Objective To determine the clinical characteristics of infants ≤2 months old hospitalised with influenza A.
Study design The study was a retrospective analysis of infants ≤2 months old hospitalised with fever, respiratory distress and/or sepsis. Clinical signs, laboratory values, hospital duration and outcome were compared between children with influenza A and other viruses.
Results The charts of 268 infants were reviewed. 29 (11%) children had laboratory-confirmed influenza A infection. Unique features associated with influenza infection included the high number presenting with fever (97%) and a history of exposure to family members with a flu-like illness (69%). A significantly lower rate of respiratory distress was observed in the influenza group compared with respiratory syncytial virus (RSV) (24% vs 89%, p≤0.001). Median duration of hospitalisation for influenza was shorter than RSV (4 days vs 6 days, p<0.001).
Conclusions In young infants, influenza A is a relatively mild disease compared to RSV and is primarily associated with upper respiratory tract manifestations.
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Influenza A infection during infancy is a significant burden for the health system despite the increased rate of vaccination.1 Infants infected during the first year of life have a higher rate of hospital admissions, a greater number of complications compared with children of other age groups and adults, and a higher mortality rate. With regard to the first 2 months of life, very few studies evaluated the severity of influenza infections as these infants may be relatively protected through transfer of maternal antibodies.2 In the present study we aimed to study the clinical characteristics of influenza A infections in infants ≤2 months and compare them with infants with other respiratory viruses, including respiratory syncytial virus (RSV).
The study was conducted at the Paediatric Departments of the Hadassah Medical Center, Jerusalem during the calendar year 2003. To be eligible the child had to be 2 months of age or younger (≤62 days), and be hospitalised for either: (1) acute respiratory disease defined as tachypnoea, hypoxia or respiratory distress; (2) acute life-threatening event; or (3) clinical suspicion of sepsis based on fever, changes in mental status or other manifestations associated with bacterial infections. Demographic and clinical information was obtained from the chart including whether there was a history of exposure to specific viral pathogens. Viral studies were performed for all children and bacterial/radiology studies when clinically indicated. Nasal wash specimens were analysed for the presence of RSV, influenza A and B, parainfluenza and adenovirus by direct immunofluorescence assay. Antigenic typing and subtyping of influenza virus isolates was performed by haemagglutination inhibition. The study was approved by and performed in adherence to the guidelines of the Hadassah-Hebrew University Medical Center Institutional Review Board. The data was analysed using both parametric and non-parametric statistics. For non-parametric variables, a χ2 or Fisher's exact test was used. Interval-ratio data were compared using the Student's t test, and the Mann–Whitney rank sum test was used for comparison of data that were not normally distributed.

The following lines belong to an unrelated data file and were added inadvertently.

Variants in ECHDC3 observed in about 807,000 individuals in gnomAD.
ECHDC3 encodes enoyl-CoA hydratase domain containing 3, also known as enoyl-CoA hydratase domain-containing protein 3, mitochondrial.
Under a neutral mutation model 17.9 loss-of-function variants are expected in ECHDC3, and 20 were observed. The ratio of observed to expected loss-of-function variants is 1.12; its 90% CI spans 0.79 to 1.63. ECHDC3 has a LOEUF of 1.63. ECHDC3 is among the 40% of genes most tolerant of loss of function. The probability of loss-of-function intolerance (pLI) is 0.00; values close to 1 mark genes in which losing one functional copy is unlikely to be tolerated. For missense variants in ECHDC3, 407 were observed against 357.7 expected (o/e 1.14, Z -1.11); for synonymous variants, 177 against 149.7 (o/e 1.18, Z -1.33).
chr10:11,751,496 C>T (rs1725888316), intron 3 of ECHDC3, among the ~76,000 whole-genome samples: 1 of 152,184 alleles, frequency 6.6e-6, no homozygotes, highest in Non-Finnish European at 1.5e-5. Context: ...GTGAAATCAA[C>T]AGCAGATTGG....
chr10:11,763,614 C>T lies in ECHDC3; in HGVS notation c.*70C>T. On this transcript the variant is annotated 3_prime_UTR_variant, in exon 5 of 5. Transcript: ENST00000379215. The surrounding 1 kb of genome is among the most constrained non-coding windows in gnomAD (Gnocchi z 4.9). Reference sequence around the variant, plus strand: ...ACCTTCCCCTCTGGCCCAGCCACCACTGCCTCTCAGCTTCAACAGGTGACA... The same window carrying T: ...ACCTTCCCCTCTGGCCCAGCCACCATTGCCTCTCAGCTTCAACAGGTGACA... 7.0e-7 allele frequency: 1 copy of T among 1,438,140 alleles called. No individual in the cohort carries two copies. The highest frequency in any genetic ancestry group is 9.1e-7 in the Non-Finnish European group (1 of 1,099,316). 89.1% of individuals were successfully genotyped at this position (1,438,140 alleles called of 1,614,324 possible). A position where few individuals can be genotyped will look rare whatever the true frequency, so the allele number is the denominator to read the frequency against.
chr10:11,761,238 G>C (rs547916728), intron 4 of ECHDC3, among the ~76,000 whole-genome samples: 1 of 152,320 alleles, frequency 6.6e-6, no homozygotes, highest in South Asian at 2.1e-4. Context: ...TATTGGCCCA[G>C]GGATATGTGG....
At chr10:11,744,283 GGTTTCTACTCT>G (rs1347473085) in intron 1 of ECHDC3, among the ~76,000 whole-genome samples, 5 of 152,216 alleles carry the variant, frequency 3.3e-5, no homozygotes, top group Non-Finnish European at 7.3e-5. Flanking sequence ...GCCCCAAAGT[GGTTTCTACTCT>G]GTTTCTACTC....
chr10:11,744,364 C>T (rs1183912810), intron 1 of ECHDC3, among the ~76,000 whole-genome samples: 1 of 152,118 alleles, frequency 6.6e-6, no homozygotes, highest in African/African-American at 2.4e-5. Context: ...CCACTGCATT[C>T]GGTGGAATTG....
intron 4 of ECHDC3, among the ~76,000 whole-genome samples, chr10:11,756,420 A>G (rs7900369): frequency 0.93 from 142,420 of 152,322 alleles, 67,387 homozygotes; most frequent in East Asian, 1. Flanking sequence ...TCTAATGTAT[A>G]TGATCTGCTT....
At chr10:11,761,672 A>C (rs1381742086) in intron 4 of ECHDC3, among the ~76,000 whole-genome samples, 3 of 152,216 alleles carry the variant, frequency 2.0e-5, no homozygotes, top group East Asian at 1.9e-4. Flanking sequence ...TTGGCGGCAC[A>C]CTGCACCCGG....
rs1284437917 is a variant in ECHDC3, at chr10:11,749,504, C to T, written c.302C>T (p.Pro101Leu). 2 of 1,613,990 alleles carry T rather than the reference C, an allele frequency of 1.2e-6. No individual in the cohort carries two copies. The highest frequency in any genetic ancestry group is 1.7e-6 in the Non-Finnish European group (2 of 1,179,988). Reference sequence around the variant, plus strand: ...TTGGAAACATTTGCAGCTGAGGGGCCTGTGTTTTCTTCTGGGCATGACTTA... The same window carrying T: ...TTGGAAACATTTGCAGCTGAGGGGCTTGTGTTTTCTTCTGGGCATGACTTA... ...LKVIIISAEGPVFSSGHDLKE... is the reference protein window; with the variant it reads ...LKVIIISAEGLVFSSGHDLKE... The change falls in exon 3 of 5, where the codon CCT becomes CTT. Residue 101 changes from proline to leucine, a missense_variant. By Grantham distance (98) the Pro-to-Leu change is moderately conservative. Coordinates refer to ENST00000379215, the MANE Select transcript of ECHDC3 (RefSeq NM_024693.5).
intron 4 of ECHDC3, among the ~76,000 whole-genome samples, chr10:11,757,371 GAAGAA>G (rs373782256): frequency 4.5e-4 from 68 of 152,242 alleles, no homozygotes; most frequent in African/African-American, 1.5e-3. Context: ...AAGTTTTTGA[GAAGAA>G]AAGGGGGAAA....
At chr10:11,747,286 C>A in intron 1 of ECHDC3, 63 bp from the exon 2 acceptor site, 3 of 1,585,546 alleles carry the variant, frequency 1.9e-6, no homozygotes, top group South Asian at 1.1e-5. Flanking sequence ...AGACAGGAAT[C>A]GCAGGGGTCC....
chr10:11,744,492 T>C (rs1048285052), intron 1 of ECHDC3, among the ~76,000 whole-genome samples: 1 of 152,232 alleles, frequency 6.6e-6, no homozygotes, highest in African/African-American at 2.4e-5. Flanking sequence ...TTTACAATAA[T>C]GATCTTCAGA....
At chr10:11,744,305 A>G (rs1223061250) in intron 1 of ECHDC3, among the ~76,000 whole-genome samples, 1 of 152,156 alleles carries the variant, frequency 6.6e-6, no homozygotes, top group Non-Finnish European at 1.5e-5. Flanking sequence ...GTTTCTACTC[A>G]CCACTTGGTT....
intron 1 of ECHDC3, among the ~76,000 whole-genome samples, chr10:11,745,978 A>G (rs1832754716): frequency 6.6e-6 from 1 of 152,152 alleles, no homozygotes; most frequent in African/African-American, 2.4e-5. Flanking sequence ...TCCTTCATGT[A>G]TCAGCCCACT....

During the course of the study, 268 hospitalised children meeting the study eligibility criteria were evaluated. Of these, 29% had a background illness and 27% had a history of exposure to an individual with a viral illness. The microbiologic distribution of pathogens is shown in figure 1. For a majority (55%), no pathogen was identified, for a minority (7.5%), bacteria could be isolated and for the remainder (38%) either a viral or combined viral/bacterial source for infection was determined. For all 101 children with positive viral tests, RSV was the major pathogen detected (n=53) followed by influenza A (n=29). Subtyping of influenza isolates showed that they were identical to A/Fujian/411/02-like viruses circulating during the latter half of 2003.
Clinical, laboratory, radiological and outcome variables of influenza A infection were compared to other viral infections (RSV, adenovirus, parainfluenza), in general, and RSV infection, in particular (table 1).
Over two-thirds of children with influenza A had a history of exposure to a family member with upper respiratory symptoms; in contrast, for RSV only 20% and for other viruses only 44% had a history of exposure (influenza vs RSV, p≤0.001). A slight male dominance was observed in children hospitalised with influenza infections. Fever >38°C was a nearly invariable finding among children with influenza A infections (97%), but was only found in 46% with RSV (influenza vs RSV, p≤0.001). Although a higher percentage of children had central nervous system manifestations (sleepiness or excessive irritability) in the influenza group compared with RSV (24% vs 9%), this was not significant.